[Excerpt]

CALLER YVETTE:
I got on Centrelink after I had a casual job, and I just needed some Centrelink to kind of fill in where I wasn't getting enough money from work.

And I was studying at the time, so I was working and studying and trying to support myself and living out of home. Last year, around November, I got a letter saying I owed Centrelink a certain amount of money …

EMMA GRIFFITHS:         
How much?

CALLER YVETTE:               
It was about seven grand, that first letter, and then the next letter I got it was saying it was 15. And that's just, like, an incredible amount for a 22 year old to try and come up with, and they're saying that they're going to send debt collectors and things like that.

That's a really huge stress for me to try and have to deal with, you know, trying to study and work and live my life. They said there was seven days I had to pay this back, and yeah, it was just - yeah. Big shock.

To call Centrelink and deal with the whole situation you have to pretty much put a day of your life aside, because you spend three hours on hold to talk to someone, and then you have to find out all the information you need to get from, like, university and stuff, so then you have to call the university and get that information.

So it's just this huge process that I don't know if I'm ready to go through yet, but I do have to deal with it because they've given me such a short space of time to try and get everything sorted.

[End of excerpt]

EMMA GRIFFITHS:         
Minister, that doesn't sound fair does it - $15,000 to pay back and you've got seven days to do it?

ALAN TUDGE:   
Well that doesn't sound quite right…

EMMA GRIFFITHS:         
And debt collectors?

ALAN TUDGE:   
…and there's a few issues which she has raised. The first thing I would say is that the letter which she received, which may have been asking for debt to be repaid, would not have been her first letter, it would've been her third letter.

So the first letter, as I've said, is actually we've identified a discrepancy, can you provide the information to validate. And now, she may have ignored those first couple of letters, in which case the debt letter was generated.

The second point I would say is that in that first letter it gives you 21 days to provide the information. You can automatically ask for a further 14 days, you can automatically ask for a further 14 days above and beyond that, so you do have a reasonable amount of time if you need more time.

A further point that I would say is that, yes, it does take a little bit of time to be able to collect the information that we are asking, but at the same time many of these people have been in receipt of thousands of dollars of taxpayer support - sometimes tens of thousands of dollars.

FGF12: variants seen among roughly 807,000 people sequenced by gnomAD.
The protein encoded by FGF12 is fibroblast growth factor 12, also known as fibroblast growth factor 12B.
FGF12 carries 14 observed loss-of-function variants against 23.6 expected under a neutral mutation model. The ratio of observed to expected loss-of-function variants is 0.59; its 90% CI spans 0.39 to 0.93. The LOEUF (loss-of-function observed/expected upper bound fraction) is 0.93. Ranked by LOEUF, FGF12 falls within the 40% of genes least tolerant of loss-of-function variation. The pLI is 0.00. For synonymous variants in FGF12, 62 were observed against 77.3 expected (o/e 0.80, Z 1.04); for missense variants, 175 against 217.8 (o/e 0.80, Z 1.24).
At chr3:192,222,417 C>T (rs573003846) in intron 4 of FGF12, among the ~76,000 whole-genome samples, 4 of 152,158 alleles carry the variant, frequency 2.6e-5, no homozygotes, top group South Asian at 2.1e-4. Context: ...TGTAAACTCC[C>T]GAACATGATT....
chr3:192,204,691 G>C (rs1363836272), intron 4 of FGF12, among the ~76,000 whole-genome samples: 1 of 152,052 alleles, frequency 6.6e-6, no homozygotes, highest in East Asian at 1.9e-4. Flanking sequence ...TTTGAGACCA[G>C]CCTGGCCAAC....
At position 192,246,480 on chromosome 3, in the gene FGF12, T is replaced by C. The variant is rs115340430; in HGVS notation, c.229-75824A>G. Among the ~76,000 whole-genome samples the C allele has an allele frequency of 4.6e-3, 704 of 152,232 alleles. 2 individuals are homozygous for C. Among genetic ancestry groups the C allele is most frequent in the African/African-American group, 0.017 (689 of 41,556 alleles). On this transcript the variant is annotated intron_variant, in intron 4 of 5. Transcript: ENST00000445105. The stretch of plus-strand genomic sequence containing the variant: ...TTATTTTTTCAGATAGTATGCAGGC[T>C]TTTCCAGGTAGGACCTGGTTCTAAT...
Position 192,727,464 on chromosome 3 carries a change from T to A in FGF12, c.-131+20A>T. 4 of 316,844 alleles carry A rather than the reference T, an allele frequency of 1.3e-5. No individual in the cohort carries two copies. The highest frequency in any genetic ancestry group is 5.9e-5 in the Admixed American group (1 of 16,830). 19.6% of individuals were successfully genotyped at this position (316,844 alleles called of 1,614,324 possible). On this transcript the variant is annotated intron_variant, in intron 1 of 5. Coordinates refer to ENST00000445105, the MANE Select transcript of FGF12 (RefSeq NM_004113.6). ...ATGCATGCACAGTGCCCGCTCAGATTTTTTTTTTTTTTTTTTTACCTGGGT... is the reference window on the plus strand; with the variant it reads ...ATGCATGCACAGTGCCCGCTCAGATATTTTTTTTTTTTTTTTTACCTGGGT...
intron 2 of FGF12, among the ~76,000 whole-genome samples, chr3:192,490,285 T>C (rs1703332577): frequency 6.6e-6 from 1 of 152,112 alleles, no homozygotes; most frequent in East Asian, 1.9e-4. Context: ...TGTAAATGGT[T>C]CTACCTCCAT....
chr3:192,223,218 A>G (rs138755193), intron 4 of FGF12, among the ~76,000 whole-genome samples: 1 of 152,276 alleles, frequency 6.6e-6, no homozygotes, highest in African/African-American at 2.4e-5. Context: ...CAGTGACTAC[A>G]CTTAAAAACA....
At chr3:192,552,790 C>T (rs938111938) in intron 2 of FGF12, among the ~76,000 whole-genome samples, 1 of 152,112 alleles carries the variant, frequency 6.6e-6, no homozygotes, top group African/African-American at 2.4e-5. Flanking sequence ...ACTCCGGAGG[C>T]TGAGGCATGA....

And so I don't think it's unreasonable to ask such a person to spend, it might be a couple of hours or even a few hours, to gather that information and to verify when a discrepancy exists.

EMMA GRIFFITHS:         
But they've already proved their eligibility to receive the payment.

ALAN TUDGE:   
Well they have declared in the past their eligibility for that payment, and of course your eligibility over time and your payment rate depends on how much income you're earning throughout the year.

If you start to have a part time job and you're earning more income you need to self-declare that income to Centrelink. That's how the system works for nearly every 1 of the income support payments. Now, we take that on honesty.

We take that you've done the right thing, and self-reporting the exact right amount so that we can recalculate what you're entitled to. But of course, some people aren't honest, and there's others who just inadvertently don't properly update their income records…

EMMA GRIFFITHS:         
Minister, what about the seven days that Yvette …

ALAN TUDGE:                   
…hence we have this system, Emma, where in hindsight we just do some checks. We do some checks because we've got now your income from the Australian Taxation Office, and we check what you self-reported, and when there's a discrepancy we ask you to try to explain that discrepancy.

I'll just say one final point, Emma, which that woman raised, and she said she had to wait for hours on the telephone to get through to someone. There is a dedicated 1800 number for people who may have a debt notice, or have been asked to provide information. That 1800 number…

EMMA GRIFFITHS:         
What is that 1800 number, Minister?

ALAN TUDGE:   
It's 1800 086 400. Now, at the moment, for the last six months that's had a call wait time of less than five seconds on that 1800 number.

That's a dedicated 1800 number for people who are anxious about it, who have received these letters, who need to speak to somebody to inquire as to what process they need to go through.